Nearly 170 charged in Bahrain with forming local Hezbollah branch
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Nearly 170 charged in Bahrain with forming local Hezbollah branch

Authorities say suspects collaborated with Iranian intelligence to establish organization named for Lebanese terror group, following years of unrest

Illustrative: A Hezbollah flag is waved during an Al-Quds rally in London (Steve Winston/via Jewish News)
Illustrative: A Hezbollah flag is waved during an Al-Quds rally in London (Steve Winston/via Jewish News)

Bahrain’s attorney general charged nearly 170 people on Tuesday with forming a Shiite terrorist organization named for Lebanon’s famed jihadist group and longtime Israel foe Hezbollah.

The small but strategic Gulf Arab kingdom has been dogged by persistent low-level violence since 2011, when its Sunni minority rulers bloodily suppressed Shiite-led protests for a constitutional monarchy with an elected prime minister.

The authorities have repeatedly accused Shiite Iran and it allies, including Hezbollah, of fomenting the unrest. Iran denies the charge.

Attorney general Ahmad al-Hamadi said 169 people, 111 of whom are in custody, will be tried for “forming a terrorist organization… under the name Bahrain Hezbollah” in collaboration with the Iranian intelligence services.

Hamadi did not specify when the trial would open or when the defendants had been arrested.

But he said some of them were accused of traveling abroad to receive training in weapons and explosives from Iran and its regional allies.

A Bahraini protestor takes cover from tear gas during clashes with riot police following a protest against the arrest of the head of the banned Shiite opposition movement Al-Wefaq, Sheikh Ali Salman (on the poster) on January 1, 2015 in Bilad al-Qadeem, a suburb of Manama. (AFP PHOTO / MOHAMMED AL-SHAIKH)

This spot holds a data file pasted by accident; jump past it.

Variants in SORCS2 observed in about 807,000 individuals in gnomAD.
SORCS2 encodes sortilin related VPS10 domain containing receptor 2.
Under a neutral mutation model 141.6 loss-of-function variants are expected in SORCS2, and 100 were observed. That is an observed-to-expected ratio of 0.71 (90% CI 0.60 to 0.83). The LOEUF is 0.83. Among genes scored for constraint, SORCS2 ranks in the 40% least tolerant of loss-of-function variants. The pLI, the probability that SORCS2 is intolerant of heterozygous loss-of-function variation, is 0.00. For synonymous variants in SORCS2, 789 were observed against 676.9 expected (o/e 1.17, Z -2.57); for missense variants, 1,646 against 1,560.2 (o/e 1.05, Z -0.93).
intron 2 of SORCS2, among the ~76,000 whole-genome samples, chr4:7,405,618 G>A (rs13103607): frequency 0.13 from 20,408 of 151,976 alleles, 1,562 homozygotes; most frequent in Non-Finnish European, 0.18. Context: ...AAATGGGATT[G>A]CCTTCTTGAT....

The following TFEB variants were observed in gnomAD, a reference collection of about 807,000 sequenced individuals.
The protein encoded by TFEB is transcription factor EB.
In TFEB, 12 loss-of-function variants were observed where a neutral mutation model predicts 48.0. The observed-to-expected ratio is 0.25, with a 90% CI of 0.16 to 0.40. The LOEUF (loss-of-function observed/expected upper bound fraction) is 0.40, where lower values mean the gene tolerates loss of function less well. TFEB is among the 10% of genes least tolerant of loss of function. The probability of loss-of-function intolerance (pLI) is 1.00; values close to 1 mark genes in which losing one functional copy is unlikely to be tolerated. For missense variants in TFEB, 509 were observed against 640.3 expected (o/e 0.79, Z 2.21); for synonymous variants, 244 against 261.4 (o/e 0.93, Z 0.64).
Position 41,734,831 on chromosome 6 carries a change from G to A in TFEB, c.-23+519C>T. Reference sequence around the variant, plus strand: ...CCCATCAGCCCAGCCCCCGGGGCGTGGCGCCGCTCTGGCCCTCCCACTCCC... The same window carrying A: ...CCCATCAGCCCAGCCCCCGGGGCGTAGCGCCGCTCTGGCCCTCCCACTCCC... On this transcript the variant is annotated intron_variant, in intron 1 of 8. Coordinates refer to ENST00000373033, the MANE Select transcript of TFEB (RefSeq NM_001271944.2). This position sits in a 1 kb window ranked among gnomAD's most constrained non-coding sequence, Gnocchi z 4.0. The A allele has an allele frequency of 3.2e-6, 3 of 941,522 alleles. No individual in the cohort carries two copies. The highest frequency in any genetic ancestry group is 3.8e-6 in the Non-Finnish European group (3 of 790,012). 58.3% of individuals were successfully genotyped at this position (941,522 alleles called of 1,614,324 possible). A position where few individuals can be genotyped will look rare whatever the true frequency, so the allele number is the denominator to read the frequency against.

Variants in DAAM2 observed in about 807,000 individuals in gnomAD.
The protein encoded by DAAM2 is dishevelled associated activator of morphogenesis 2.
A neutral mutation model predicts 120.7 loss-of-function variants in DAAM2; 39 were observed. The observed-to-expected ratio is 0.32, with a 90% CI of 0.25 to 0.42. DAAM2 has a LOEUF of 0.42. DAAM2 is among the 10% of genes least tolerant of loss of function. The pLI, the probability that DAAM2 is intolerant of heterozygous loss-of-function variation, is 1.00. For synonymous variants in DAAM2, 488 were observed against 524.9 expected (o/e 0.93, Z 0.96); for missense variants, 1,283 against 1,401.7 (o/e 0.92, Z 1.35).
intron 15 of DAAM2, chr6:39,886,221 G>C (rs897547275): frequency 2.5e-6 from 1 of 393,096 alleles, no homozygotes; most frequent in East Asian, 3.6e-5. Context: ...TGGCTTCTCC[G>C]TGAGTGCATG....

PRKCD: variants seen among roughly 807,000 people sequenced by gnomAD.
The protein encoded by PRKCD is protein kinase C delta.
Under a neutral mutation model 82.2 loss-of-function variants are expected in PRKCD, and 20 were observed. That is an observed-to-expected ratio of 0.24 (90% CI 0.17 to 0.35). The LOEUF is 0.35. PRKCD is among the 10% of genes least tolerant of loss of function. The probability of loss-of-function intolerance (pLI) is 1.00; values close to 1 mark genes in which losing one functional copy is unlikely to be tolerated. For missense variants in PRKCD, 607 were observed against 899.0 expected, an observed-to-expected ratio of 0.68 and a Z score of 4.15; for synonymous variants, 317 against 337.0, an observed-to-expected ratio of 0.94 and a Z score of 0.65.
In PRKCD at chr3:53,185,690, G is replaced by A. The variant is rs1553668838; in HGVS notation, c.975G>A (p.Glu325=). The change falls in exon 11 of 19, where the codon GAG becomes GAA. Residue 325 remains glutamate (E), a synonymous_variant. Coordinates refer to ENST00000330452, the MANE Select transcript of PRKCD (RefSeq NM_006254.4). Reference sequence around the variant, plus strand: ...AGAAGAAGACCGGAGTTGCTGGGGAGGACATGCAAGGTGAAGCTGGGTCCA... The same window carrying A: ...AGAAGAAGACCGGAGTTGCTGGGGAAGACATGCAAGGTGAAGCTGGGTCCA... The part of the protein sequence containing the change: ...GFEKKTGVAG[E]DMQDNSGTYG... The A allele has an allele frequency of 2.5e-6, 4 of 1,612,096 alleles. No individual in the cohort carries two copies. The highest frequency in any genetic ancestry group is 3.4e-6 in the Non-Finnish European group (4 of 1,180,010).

Analysts have expressed skepticism about previous Bahraini allegations of Iranian and Hezbollah involvement.

Hezbollah is one of the best trained and equipped terror groups in the world, while most of the Bahrain violence has consisted of throwing stones and firebombs at police patrols or planting crude pipe bombs.

The authorities have closed most peaceful avenues for protest, banning the main Shiite movement Al-Wefaq, which was the largest bloc in parliament, and throwing dozens of its leaders behind bars.

They and their Gulf Arab allies have also blacklisted Hezbollah as a terrorist organization and banned their citizens from any contact with the group or its members.

The crackdown has drawn periodic criticism from Western governments but the kingdom’s strategic position just across the Gulf from Iran makes it a key ally.

The islands are home to the US Fifth Fleet and house a new British naval base completed earlier this year.

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